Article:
This is, I’ll admit, a hobbyhorse of mine. As I talked not long ago with evangelical friends about the Episcopal Church’s numerical and financial challenges and our restructuring proposals, they told me: “You folks don’t have a structure problem. You have a leadership problem.” I do not have hard data on this, but my hunch is that we spend too much time propping up small and shrinking parishes and institutions and too little time planting new churches, learning from our growing churches, and paving new roads. We are led too much by our institutional inertia, and not enough by our leaders.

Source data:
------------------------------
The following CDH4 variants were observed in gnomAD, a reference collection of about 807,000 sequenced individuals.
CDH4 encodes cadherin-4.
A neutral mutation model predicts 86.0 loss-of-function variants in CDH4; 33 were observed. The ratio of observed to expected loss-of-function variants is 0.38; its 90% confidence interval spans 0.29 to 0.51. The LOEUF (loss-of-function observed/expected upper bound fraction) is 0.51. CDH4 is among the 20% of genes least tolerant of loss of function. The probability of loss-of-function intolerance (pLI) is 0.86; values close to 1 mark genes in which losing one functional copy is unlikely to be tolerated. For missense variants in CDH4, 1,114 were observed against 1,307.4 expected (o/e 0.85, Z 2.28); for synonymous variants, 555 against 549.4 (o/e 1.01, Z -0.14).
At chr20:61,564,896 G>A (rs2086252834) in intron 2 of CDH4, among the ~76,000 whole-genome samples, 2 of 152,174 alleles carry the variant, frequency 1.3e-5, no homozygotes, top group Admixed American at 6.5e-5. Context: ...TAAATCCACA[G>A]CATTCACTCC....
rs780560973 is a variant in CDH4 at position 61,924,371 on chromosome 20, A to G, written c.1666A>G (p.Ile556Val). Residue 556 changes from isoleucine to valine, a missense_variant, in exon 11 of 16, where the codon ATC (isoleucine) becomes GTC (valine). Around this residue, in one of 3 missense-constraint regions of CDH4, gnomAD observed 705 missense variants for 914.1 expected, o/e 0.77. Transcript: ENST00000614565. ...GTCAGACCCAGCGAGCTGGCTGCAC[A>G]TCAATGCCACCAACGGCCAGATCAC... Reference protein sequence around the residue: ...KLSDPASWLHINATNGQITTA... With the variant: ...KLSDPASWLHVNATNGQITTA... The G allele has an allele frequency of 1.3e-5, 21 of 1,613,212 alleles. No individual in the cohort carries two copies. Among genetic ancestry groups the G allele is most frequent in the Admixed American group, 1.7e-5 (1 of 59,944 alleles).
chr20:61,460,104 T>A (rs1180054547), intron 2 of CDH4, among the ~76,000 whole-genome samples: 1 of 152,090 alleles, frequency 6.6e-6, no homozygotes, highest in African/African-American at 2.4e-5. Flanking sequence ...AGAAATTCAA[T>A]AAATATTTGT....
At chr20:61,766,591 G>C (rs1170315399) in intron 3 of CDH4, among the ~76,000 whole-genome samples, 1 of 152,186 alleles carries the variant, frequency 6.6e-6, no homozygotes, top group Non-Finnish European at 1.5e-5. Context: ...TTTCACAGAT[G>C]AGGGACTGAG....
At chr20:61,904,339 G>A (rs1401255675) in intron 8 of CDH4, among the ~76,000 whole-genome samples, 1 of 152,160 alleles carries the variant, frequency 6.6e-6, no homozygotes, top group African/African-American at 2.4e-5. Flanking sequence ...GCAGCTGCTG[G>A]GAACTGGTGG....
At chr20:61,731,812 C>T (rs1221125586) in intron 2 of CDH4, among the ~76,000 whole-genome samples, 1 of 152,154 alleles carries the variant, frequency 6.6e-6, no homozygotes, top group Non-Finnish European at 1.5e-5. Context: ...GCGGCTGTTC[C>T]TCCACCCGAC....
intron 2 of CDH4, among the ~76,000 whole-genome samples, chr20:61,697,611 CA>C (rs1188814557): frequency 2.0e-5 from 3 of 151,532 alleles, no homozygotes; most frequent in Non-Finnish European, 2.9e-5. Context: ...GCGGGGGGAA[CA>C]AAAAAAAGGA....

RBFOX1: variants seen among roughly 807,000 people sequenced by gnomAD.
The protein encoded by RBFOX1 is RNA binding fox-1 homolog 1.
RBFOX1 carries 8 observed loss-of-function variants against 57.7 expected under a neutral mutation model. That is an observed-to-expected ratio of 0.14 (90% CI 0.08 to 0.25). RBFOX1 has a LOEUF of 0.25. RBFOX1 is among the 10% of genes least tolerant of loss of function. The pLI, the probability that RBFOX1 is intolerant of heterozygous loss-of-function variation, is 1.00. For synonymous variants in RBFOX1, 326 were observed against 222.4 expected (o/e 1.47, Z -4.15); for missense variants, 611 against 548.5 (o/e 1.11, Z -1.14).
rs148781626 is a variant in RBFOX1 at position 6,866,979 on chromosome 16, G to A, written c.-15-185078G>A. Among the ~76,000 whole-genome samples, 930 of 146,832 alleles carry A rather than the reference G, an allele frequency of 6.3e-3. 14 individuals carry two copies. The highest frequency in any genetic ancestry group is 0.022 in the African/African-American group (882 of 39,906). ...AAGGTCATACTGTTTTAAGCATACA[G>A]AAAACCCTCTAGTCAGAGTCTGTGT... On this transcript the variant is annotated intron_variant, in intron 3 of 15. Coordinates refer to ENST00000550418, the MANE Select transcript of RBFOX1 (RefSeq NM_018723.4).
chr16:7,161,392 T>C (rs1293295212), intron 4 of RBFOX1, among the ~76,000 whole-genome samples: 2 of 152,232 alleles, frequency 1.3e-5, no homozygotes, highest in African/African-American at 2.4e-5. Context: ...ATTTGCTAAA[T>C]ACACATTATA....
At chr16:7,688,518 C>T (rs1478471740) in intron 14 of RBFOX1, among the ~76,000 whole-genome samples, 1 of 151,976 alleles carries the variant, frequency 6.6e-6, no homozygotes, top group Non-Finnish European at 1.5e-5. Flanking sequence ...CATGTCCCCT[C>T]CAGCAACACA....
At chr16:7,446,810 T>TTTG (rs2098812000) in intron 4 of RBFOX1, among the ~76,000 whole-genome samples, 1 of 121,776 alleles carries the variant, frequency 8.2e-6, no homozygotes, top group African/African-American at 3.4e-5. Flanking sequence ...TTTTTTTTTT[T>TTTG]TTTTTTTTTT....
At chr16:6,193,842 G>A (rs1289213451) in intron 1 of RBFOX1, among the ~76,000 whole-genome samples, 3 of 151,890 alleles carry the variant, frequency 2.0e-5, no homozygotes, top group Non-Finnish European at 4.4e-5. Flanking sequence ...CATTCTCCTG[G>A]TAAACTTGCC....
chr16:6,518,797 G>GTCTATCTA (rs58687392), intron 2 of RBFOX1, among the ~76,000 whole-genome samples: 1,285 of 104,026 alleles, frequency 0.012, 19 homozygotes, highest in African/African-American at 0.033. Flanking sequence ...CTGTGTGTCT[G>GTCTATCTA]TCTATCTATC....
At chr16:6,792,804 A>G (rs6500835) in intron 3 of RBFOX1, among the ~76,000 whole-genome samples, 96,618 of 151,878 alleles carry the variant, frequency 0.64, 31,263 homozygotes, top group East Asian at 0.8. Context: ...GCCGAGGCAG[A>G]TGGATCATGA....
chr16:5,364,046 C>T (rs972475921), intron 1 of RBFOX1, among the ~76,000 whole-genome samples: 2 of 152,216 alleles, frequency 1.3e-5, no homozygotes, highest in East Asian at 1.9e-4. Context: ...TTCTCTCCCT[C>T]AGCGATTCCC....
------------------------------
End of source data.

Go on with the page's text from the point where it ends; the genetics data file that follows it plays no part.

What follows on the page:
Should we not give a proportional voice in our councils to the leaders we do have who are growing the church and bringing fresh ideas to the table?

Perhaps the old genteel Diocese of Virginia is pointing us toward the future.

The featured image is from the Tower of London website. It is public domain.

About The Author

The Rev. Canon Dr. Jordan Hylden is canon theologian for the diocese of Dallas and priest associate at St. Augustine’s Episcopal Church in Dallas.